Educational support for the teaching profession
Call Steve: 07801 992 704

Leading Inclusion

A friend of my daughter’s asked me for advice yesterday. She’s a primary teacher with her eye on a job that she’s seen advertised in another school. ‘Leader for Inclusion’ is the job title, with a TLR2 as bait. She’s popping over tomorrow to ‘pick my brain’. Of course I’ve told her “that won’t take long” but joking aside, what should I tell her?

The first thing I’m going to ask her is “what does ‘inclusion’ mean to you?” A leader of inclusion has to be very clear about the meaning of the word itself and be prepared to fight for it. In too many schools ‘inclusion’ means ‘keeping kids in school that we used to get shot of.’  These schools do ‘inclusion’ when they tolerate the erratic behaviour of pupils who would in previous decades have attended a special school. Or it means ‘bad behaviour’ in the sense that pupils get sent to an ‘inclusion’ room or building or even off-site resource. Don’t get me wrong, these facilities are necessary but there’s a fatal flaw in giving them the title ‘inclusion’. In my opinion ‘inclusion’ means teachers meeting the needs of every pupil they serve. If staff get the idea that ‘inclusion’ is something that someone else does in a different resource, we’re lost. The ‘leader of inclusion’ has to fight for the word so that staff take on and don’t pass on the responsibility.

I’ll ask her how her own lessons are ticking over. It’s an old but true adage, the first thing to go is the quality of your own lessons. When you are up late writing case studies for Ofsted and you spend your PPA time on the phone to social services, your lesson planning cannot be what it was. If my young friend is still, as I suspect she may be, in the habit of working past 10 o’clock every night preparing resources, something has got to give.

I’ll ask her how easily shocked she is. Working in pastoral care you soon become familiar with the homes where you wipe your feet on the way out. We are in the midst of the party conference season as I write. When you’ve worked in ‘inclusion’ and seen the great morass of despairing, drug & alcohol dependent, abusive, feckless misery that a (thankfully small) sector of our children originate from, you wonder sometimes what nation these politicians think they are talking to. To survive in a job like this, you need to have thought through pretty thoroughly any ideas you might have about the deserving and/or non-deserving poor. You need a philosophy and a sense of mission.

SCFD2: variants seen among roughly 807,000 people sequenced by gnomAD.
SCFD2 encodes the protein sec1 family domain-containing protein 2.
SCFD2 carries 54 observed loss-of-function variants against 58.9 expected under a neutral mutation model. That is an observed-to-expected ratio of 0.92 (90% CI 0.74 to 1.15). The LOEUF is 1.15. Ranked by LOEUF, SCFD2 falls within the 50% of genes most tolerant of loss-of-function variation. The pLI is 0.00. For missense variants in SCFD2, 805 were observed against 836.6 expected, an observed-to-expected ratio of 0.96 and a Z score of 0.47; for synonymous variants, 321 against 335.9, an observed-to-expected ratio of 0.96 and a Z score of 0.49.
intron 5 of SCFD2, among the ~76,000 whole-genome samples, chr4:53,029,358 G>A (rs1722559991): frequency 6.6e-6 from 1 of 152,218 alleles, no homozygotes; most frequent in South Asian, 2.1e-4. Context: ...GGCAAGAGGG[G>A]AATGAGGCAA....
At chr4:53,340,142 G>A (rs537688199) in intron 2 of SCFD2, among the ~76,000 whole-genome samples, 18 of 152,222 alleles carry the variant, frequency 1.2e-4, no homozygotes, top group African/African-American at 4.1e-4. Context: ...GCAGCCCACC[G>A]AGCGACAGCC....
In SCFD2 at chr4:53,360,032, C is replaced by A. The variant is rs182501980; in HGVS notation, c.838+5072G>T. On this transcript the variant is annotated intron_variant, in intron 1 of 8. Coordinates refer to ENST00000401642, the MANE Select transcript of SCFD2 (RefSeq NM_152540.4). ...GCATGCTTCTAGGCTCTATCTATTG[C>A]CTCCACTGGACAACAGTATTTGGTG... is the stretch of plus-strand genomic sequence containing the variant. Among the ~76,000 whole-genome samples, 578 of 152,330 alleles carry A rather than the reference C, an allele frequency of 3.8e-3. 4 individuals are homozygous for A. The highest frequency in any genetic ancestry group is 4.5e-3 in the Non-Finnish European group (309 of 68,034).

That isn’t to say that all your workload is going to stem from financial deprivation. There are plenty of middle class homes where children are neglected, palmed off with ‘stuff’ in place of affection or traumatised by family break-up. And then there are the tragedies. The bereavements, terminal illnesses and chronic conditions that blight children’s lives from time to time. All of this takes its toll.

Reading this back to myself I think I’d better be careful not to give the wrong impression! I think I’ll have to tell her that of the inclusion leaders I meet, 99% are in love with the job. There is something highly addictive about getting to know children so well and developing relationships with their families and the wider community in a way that few jobs in school allow you to.

Finally I’ll ask her what being a ‘leader’ means to her.

Schools have mission statements, usually buried in a draw or hidden in plain sight i.e. displayed in the foyer and forgotten about, noticed by no one. The leader of inclusion has a special role, to pull that mission statement off the wall, get it seen by all staff and lead them towards an understanding of how they contribute to making that vision a reality. If the leader of inclusion is able to articulate why and how we both have to and can make them welcome, keep them safe and help them learn, every last one of them, she’ll be doing the job more than well.

Why should you hire me?

Here are some of the issues that I can help you sort: If the answers to any of the issues to the right is yes then get in touch – you have found the man you are looking for!

But you don't need to take it from me, have a look at my testimonials page.

If you have:

  • Some of your staff keep getting into unnecessary confrontations with pupils?
  • Some staff struggle to deal with social chatter?
  • Subject leaders who don’t take the lead on behaviour for learning
  • Head of house/year who are buried in the reactive and want to be proactive?

If you want to:

  • Improve attendance?
  • Improve behaviour?
  • Deliver SEAL whole school
  • Get help with the behaviour and safety SEF?
  • Have better behaviour and attendance data?
  • Get PLTS embedded?
  • Get pupil voice working?

And also:

Do you want the best whole staff behaviour CPD at an affordable cost?


 facebook-icon twitter-icon linkedin-icon email-icon